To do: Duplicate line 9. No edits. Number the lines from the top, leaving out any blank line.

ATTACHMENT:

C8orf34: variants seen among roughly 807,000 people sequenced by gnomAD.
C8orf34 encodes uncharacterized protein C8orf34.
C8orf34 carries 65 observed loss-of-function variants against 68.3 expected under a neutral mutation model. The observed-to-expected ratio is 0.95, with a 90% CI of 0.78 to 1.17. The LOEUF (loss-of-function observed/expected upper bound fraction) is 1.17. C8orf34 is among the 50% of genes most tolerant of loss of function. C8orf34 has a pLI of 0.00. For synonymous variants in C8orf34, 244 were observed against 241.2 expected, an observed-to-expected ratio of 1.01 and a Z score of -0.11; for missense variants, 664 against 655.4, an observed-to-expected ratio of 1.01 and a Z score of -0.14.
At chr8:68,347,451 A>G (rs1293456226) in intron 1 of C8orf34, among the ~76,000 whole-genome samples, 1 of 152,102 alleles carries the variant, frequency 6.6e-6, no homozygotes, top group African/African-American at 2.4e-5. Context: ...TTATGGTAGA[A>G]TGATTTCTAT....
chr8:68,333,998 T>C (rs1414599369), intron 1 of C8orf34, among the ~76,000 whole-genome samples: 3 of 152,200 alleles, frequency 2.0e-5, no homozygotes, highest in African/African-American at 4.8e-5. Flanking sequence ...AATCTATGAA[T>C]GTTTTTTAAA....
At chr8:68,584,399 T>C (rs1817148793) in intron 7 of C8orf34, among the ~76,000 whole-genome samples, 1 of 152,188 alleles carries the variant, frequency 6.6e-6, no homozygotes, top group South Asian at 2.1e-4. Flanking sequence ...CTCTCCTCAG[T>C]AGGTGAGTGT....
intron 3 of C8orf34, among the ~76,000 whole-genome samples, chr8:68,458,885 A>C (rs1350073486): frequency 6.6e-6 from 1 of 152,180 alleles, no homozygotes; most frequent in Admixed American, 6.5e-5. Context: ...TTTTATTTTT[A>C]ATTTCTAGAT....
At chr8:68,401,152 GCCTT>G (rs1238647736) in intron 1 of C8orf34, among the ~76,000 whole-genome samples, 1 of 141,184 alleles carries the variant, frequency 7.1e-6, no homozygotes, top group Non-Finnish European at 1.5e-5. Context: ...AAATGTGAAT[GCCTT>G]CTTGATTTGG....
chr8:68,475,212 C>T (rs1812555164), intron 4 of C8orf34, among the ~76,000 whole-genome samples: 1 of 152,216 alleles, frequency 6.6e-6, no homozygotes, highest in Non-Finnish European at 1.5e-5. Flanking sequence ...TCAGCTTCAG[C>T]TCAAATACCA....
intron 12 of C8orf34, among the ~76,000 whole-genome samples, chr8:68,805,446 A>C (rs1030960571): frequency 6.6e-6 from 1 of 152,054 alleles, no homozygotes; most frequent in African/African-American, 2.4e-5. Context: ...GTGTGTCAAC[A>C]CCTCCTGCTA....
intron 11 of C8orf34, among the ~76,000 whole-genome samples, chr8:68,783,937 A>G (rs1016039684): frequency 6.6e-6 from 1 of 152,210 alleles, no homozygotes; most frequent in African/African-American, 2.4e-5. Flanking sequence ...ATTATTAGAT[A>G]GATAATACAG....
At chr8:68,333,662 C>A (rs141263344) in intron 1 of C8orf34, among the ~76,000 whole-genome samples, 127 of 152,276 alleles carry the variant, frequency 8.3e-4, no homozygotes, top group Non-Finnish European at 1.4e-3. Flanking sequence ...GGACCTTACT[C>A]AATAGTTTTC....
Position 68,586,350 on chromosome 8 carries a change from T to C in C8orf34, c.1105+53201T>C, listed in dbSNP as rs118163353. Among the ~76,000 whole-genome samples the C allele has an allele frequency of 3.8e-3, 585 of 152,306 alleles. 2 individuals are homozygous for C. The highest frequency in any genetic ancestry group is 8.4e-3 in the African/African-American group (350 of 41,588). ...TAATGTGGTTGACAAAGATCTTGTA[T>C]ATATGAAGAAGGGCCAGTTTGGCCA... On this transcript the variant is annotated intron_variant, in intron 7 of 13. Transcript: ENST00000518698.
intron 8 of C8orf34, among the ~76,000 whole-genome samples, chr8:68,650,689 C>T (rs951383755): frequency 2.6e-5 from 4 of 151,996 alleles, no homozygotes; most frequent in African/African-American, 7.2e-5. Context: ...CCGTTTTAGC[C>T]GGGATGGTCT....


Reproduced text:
chr8:68,475,212 C>T (rs1812555164), intron 4 of C8orf34, among the ~76,000 whole-genome samples: 1 of 152,216 alleles, frequency 6.6e-6, no homozygotes, highest in Non-Finnish European at 1.5e-5. Flanking sequence ...TCAGCTTCAG[C>T]TCAAATACCA....